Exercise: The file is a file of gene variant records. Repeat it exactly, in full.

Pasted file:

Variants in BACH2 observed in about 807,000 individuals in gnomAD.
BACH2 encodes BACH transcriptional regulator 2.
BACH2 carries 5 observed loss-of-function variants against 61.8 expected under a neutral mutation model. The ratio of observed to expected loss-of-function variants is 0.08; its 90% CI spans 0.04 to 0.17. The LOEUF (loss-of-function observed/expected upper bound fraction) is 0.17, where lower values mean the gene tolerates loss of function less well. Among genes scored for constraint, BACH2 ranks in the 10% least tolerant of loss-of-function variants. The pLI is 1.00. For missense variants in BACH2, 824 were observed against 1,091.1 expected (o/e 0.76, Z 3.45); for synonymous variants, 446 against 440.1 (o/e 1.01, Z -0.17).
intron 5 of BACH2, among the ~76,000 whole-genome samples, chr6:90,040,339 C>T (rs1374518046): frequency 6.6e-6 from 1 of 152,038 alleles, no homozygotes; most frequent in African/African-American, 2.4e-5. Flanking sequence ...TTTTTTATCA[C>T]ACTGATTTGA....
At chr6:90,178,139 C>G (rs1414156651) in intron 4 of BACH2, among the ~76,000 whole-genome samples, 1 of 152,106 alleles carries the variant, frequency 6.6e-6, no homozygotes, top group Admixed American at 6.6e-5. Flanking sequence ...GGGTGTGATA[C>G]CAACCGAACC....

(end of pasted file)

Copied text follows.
Variants in BACH2 observed in about 807,000 individuals in gnomAD.
BACH2 encodes BACH transcriptional regulator 2.
BACH2 carries 5 observed loss-of-function variants against 61.8 expected under a neutral mutation model. The ratio of observed to expected loss-of-function variants is 0.08; its 90% CI spans 0.04 to 0.17. The LOEUF (loss-of-function observed/expected upper bound fraction) is 0.17, where lower values mean the gene tolerates loss of function less well. Among genes scored for constraint, BACH2 ranks in the 10% least tolerant of loss-of-function variants. The pLI is 1.00. For missense variants in BACH2, 824 were observed against 1,091.1 expected (o/e 0.76, Z 3.45); for synonymous variants, 446 against 440.1 (o/e 1.01, Z -0.17).
intron 5 of BACH2, among the ~76,000 whole-genome samples, chr6:90,040,339 C>T (rs1374518046): frequency 6.6e-6 from 1 of 152,038 alleles, no homozygotes; most frequent in African/African-American, 2.4e-5. Flanking sequence ...TTTTTTATCA[C>T]ACTGATTTGA....
At chr6:90,178,139 C>G (rs1414156651) in intron 4 of BACH2, among the ~76,000 whole-genome samples, 1 of 152,106 alleles carries the variant, frequency 6.6e-6, no homozygotes, top group Admixed American at 6.6e-5. Flanking sequence ...GGGTGTGATA[C>G]CAACCGAACC....